This Week in the Mayonnaise Clinic: Has CNN Gone Astray?
Plus: more on abortion, supply-side solutions, and some news about the Very Serious podcast.
Welcome to the Mayonnaise Clinic! Before I get to this week’s mail, I want to give a quick update on the Very Serious podcast.
As you may have noticed, we’ve been on hiatus for a few weeks with the Very Serious podcast. That’s partly because we’ve been taking time to think about exactly what the podcast should be. But it will be back soon, with some changes, including better editorial integration with the newsletter, now that the audio is flowing through the Substack platform and literally embedded in the emails and posts.
More importantly, the podcast is coming back very soon.
I’ll be talking tomorrow with Gabriel Debenedetti, national correspondent for New York Magazine. Gabe’s forthcoming book, The Long Alliance, is about Joe Biden’s strong — yet complex and sometimes fraught — relationship with Barack Obama, and how it’s evolved through their nearly 20 years of political partnership. If you have questions for him, please send those to me at email@example.com by Thursday morning, or you can leave a comment below.
And next week, I’ll be talking with Ben Dreyfuss, author of Calm Down (née Good Faith). Ben has lately taken up offering hilarious-yet-appropriate advice — much better than the advice that comes from the mainstream advice columns — and I encourage you to send in any questions you’d like him (and me) to opine on. We might revisit some of the questions I’ve answered since the beginning of the year, especially if Ben has different advice to offer.
Now, to the jar:
I'm curious about your thoughts on CNN's post-Jeff Zucker shift in strategy, both in concept and execution.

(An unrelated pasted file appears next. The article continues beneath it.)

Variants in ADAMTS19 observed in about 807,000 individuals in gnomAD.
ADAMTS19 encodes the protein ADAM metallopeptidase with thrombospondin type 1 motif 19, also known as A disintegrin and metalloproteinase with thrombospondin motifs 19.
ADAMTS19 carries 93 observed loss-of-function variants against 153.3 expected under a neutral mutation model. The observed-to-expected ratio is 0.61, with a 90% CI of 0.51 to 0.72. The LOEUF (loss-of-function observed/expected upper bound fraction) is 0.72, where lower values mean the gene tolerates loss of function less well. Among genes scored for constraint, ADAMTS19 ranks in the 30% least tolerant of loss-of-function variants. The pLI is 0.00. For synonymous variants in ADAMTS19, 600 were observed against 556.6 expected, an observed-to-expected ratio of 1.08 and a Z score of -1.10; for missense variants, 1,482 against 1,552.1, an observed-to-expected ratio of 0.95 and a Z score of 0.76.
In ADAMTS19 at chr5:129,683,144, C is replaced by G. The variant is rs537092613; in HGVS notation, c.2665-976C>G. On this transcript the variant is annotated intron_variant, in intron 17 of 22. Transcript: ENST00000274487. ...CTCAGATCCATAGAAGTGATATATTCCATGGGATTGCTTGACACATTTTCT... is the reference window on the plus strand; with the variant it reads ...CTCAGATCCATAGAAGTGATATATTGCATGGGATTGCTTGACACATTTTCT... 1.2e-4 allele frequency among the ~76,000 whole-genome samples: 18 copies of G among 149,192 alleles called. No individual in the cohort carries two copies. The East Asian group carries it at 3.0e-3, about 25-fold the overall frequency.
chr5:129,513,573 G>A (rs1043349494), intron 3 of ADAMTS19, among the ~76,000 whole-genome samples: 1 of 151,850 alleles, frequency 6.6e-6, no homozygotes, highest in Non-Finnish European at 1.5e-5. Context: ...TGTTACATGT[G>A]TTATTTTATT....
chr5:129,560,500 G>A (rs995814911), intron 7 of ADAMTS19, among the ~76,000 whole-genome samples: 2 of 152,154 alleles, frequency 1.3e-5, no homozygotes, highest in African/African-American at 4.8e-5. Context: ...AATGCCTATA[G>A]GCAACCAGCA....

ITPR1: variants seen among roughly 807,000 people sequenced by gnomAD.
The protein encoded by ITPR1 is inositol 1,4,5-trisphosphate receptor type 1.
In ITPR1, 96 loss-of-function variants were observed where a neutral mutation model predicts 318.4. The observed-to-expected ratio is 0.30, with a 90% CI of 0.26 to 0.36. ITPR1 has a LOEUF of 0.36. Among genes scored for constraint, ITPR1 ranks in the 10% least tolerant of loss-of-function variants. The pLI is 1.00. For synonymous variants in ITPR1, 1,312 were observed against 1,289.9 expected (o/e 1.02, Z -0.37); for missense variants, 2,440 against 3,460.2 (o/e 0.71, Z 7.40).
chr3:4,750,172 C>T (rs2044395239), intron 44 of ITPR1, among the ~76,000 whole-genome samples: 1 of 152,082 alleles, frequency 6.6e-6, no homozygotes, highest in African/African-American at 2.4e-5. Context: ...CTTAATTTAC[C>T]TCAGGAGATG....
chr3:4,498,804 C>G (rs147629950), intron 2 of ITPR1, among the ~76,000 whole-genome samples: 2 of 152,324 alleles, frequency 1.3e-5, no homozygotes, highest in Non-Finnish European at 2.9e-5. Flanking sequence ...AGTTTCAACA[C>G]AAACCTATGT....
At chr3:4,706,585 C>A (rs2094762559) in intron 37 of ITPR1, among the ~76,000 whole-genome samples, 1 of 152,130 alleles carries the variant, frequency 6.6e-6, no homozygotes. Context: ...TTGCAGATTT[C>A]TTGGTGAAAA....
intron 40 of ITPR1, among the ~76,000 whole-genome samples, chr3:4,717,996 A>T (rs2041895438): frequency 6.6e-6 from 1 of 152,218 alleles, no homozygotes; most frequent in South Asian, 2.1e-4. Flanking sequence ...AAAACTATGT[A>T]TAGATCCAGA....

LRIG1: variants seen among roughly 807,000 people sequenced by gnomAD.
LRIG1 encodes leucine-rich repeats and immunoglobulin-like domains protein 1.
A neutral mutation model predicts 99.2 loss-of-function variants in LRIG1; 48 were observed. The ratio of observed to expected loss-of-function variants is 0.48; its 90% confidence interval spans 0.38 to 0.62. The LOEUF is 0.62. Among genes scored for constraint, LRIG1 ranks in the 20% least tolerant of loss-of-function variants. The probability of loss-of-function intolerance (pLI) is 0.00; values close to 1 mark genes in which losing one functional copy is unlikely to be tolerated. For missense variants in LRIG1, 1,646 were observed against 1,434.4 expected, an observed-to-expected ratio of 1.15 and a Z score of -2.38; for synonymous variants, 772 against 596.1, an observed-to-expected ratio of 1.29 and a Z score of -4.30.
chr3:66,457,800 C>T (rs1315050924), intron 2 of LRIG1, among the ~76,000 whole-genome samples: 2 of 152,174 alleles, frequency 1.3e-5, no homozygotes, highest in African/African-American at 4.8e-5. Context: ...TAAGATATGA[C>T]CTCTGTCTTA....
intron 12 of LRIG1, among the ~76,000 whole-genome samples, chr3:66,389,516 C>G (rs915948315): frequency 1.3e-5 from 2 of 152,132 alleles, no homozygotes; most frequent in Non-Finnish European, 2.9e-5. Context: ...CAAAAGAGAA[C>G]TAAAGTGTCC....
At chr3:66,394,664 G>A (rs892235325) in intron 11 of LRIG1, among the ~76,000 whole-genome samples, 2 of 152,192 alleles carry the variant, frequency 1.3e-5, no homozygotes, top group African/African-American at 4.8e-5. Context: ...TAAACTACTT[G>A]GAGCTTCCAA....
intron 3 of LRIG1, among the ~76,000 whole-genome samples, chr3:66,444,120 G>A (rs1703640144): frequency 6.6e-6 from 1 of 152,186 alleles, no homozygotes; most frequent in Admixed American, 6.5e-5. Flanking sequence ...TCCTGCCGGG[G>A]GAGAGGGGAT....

On its face, I'm totally in favor of news organizations cracking down on the moralizing, self-importance, and lighting-your-hair-on-fire attitude journalists enjoyed during the Trump administration. A focus on sober reporting and hard news would be welcome in TV news.
But it feels like — so far — the network has been simply adding more Trumpish-aligned punditry to the scale in an effort to seem less partisan. Do you think this is the case, or is it more of Twitter freaking out and elevating dumb clips that would have been on the network regardless of the change? Do you think they can pull off a shift that brings in viewers and improves the product?
Cable news is for idiots, so I’m not going to subject myself to hours and hours of watching it to evaluate whether the average political positioning of a CNN guest has changed. But I think the circulation of the particular Francesca Chambers clip you cite as supposed evidence of a Trumpy shift at CNN is weaksauce — and boy have I been seeing a lot of apoplectic liberals share it on Twitter. (Jesus, people, will you get a hobby already?)
Chambers, who covers the White House for USA Today, has been a fixture on cable news for years, not just on CNN but also on MSNBC and Fox News. That she made an inane jump to “optics” when asked about Trump bringing the aunt of Timothy Hale-Cusanelli on stage at a Pennsylvania rally — Hale-Cusanelli is the January 6 riot convict who praised Hitler and posed with a Hitler mustache (in order to be “ironic”, he says, of course) — does not say anything about CNN changing. It just reflects that cable news political panel discussions have always consisted of replacement-level-or-lower armchair political strategizing and posturing — there are hours and hours and hours of time to fill, and they have been filled with this crap my entire adult life. (By the way, Sara Fay and I wrote back in January about how to book an actually good political conversation panel, based on our experience at Left, Right & Center.)